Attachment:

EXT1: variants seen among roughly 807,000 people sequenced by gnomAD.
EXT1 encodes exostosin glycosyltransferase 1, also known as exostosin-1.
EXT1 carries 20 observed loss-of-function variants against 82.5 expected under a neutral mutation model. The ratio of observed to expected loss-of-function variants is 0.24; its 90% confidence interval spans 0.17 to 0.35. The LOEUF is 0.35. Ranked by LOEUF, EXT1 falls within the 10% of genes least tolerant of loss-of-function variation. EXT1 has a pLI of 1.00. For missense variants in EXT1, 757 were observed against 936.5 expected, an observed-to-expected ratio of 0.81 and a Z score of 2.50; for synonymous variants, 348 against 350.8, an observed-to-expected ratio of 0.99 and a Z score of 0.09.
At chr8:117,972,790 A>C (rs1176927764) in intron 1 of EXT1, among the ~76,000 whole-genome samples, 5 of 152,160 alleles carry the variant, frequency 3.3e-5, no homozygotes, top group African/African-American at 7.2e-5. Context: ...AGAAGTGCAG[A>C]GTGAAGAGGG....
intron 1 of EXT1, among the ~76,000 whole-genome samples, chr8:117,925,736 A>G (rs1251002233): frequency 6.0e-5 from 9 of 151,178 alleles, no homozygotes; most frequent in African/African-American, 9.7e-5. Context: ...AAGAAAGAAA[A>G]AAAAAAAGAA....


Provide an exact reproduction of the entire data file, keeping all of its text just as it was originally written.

EXT1: variants seen among roughly 807,000 people sequenced by gnomAD.
EXT1 encodes exostosin glycosyltransferase 1, also known as exostosin-1.
EXT1 carries 20 observed loss-of-function variants against 82.5 expected under a neutral mutation model. The ratio of observed to expected loss-of-function variants is 0.24; its 90% confidence interval spans 0.17 to 0.35. The LOEUF is 0.35. Ranked by LOEUF, EXT1 falls within the 10% of genes least tolerant of loss-of-function variation. EXT1 has a pLI of 1.00. For missense variants in EXT1, 757 were observed against 936.5 expected, an observed-to-expected ratio of 0.81 and a Z score of 2.50; for synonymous variants, 348 against 350.8, an observed-to-expected ratio of 0.99 and a Z score of 0.09.
At chr8:117,972,790 A>C (rs1176927764) in intron 1 of EXT1, among the ~76,000 whole-genome samples, 5 of 152,160 alleles carry the variant, frequency 3.3e-5, no homozygotes, top group African/African-American at 7.2e-5. Context: ...AGAAGTGCAG[A>C]GTGAAGAGGG....
intron 1 of EXT1, among the ~76,000 whole-genome samples, chr8:117,925,736 A>G (rs1251002233): frequency 6.0e-5 from 9 of 151,178 alleles, no homozygotes; most frequent in African/African-American, 9.7e-5. Context: ...AAGAAAGAAA[A>G]AAAAAAAGAA....